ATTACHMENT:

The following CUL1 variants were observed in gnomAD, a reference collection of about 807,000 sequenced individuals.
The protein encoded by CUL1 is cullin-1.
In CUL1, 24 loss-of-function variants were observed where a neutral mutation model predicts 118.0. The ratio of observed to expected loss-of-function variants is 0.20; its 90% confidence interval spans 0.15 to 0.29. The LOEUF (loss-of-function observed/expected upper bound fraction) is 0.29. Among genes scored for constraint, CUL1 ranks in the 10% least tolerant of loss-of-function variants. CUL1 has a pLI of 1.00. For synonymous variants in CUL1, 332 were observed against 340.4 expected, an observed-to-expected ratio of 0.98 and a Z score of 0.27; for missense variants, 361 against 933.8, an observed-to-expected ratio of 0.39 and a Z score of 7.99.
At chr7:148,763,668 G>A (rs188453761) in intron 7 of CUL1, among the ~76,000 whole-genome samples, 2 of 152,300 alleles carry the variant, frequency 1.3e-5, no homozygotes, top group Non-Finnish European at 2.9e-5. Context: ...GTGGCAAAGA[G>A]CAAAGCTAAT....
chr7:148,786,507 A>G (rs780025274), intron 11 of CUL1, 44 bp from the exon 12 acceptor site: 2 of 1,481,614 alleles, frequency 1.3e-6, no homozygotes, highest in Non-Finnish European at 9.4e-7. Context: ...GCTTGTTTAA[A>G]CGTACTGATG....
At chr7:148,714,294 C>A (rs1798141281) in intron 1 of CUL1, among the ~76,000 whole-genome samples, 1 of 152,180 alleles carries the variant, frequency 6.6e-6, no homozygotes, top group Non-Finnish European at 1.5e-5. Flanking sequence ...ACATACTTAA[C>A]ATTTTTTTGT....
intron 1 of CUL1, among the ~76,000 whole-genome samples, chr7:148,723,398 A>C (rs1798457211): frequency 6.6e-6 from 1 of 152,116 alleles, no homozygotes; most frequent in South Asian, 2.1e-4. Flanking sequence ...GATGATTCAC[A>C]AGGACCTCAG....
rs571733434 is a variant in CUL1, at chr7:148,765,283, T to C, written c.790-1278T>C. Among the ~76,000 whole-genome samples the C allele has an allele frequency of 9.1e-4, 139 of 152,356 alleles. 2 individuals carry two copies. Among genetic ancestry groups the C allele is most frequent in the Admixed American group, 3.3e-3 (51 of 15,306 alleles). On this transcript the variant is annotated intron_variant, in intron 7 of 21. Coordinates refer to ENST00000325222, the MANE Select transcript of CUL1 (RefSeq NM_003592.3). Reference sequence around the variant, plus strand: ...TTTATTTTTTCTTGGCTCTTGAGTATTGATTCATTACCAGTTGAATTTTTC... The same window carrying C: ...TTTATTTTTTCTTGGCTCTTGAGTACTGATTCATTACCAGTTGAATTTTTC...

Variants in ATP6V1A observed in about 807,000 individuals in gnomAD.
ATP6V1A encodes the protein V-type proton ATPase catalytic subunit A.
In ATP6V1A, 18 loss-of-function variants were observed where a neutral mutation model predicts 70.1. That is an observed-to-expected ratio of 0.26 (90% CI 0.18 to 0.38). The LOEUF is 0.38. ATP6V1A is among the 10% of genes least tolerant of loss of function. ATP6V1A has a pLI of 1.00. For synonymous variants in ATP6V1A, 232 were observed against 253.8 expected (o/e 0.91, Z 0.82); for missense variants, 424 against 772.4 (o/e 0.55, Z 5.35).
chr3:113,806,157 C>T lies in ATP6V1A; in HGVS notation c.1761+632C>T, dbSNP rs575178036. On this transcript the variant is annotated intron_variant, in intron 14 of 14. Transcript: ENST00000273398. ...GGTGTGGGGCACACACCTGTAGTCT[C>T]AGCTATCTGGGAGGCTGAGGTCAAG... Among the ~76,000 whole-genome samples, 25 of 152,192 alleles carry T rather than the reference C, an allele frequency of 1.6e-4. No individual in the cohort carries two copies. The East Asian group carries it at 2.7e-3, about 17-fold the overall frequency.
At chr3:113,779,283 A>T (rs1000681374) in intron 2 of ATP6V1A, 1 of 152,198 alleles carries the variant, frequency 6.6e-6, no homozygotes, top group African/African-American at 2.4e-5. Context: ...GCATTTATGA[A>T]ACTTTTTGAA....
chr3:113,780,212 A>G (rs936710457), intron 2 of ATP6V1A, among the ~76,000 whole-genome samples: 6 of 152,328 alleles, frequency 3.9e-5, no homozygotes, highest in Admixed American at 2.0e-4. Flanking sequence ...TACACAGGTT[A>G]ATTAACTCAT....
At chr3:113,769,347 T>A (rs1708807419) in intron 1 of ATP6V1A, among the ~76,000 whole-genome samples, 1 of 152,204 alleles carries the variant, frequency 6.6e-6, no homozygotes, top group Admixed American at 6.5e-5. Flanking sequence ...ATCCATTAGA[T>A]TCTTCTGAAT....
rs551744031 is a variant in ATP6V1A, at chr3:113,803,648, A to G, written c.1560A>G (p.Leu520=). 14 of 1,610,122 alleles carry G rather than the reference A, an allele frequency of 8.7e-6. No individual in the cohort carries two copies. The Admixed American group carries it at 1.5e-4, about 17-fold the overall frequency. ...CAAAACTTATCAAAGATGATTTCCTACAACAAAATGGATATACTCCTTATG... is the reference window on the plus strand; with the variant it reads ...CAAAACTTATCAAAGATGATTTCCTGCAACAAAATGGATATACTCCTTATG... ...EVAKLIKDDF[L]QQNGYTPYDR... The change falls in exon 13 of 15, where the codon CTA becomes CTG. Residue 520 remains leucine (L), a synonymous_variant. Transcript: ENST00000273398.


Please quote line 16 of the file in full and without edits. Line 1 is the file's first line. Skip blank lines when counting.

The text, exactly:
rs551744031 is a variant in ATP6V1A, at chr3:113,803,648, A to G, written c.1560A>G (p.Leu520=). 14 of 1,610,122 alleles carry G rather than the reference A, an allele frequency of 8.7e-6. No individual in the cohort carries two copies. The Admixed American group carries it at 1.5e-4, about 17-fold the overall frequency. ...CAAAACTTATCAAAGATGATTTCCTACAACAAAATGGATATACTCCTTATG... is the reference window on the plus strand; with the variant it reads ...CAAAACTTATCAAAGATGATTTCCTGCAACAAAATGGATATACTCCTTATG... ...EVAKLIKDDF[L]QQNGYTPYDR... The change falls in exon 13 of 15, where the codon CTA becomes CTG. Residue 520 remains leucine (L), a synonymous_variant. Transcript: ENST00000273398.